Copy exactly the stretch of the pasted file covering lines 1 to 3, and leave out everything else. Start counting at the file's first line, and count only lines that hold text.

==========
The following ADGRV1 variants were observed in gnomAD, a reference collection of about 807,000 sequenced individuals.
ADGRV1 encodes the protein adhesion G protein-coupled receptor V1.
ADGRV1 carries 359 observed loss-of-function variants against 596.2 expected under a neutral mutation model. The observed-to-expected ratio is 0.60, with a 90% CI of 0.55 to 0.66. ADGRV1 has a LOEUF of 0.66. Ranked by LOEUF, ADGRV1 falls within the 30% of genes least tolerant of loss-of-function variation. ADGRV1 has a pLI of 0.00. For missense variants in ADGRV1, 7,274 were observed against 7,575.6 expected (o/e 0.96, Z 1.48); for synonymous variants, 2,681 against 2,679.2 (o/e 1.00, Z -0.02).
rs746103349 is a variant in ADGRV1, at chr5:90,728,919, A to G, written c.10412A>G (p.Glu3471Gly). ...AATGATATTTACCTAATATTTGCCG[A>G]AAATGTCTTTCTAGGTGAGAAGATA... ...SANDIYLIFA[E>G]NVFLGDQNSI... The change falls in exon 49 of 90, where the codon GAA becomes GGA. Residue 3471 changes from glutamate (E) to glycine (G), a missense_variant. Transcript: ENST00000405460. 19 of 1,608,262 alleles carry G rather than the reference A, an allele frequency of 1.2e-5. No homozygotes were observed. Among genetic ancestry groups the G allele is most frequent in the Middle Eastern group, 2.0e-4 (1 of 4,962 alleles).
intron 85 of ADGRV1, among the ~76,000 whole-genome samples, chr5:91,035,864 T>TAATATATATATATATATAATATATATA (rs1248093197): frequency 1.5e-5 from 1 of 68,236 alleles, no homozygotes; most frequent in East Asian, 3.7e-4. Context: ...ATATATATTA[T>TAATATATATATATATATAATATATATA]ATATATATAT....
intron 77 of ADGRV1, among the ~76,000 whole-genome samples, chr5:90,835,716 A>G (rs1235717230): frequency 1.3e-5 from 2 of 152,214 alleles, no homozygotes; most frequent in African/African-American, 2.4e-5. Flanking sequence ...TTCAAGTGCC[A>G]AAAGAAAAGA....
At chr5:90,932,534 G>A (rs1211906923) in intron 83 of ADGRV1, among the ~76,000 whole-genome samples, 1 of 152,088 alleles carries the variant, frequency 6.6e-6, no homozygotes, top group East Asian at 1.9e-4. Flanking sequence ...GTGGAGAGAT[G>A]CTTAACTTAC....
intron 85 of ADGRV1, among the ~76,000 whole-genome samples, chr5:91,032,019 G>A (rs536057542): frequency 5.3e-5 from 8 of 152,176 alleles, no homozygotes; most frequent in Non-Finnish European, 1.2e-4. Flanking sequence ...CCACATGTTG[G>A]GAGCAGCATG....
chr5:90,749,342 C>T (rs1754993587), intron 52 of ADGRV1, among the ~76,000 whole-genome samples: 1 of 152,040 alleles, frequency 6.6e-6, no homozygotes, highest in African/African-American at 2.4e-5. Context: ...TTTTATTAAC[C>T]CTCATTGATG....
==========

The following ADGRV1 variants were observed in gnomAD, a reference collection of about 807,000 sequenced individuals.
ADGRV1 encodes the protein adhesion G protein-coupled receptor V1.
ADGRV1 carries 359 observed loss-of-function variants against 596.2 expected under a neutral mutation model. The observed-to-expected ratio is 0.60, with a 90% CI of 0.55 to 0.66. ADGRV1 has a LOEUF of 0.66. Ranked by LOEUF, ADGRV1 falls within the 30% of genes least tolerant of loss-of-function variation. ADGRV1 has a pLI of 0.00. For missense variants in ADGRV1, 7,274 were observed against 7,575.6 expected (o/e 0.96, Z 1.48); for synonymous variants, 2,681 against 2,679.2 (o/e 1.00, Z -0.02).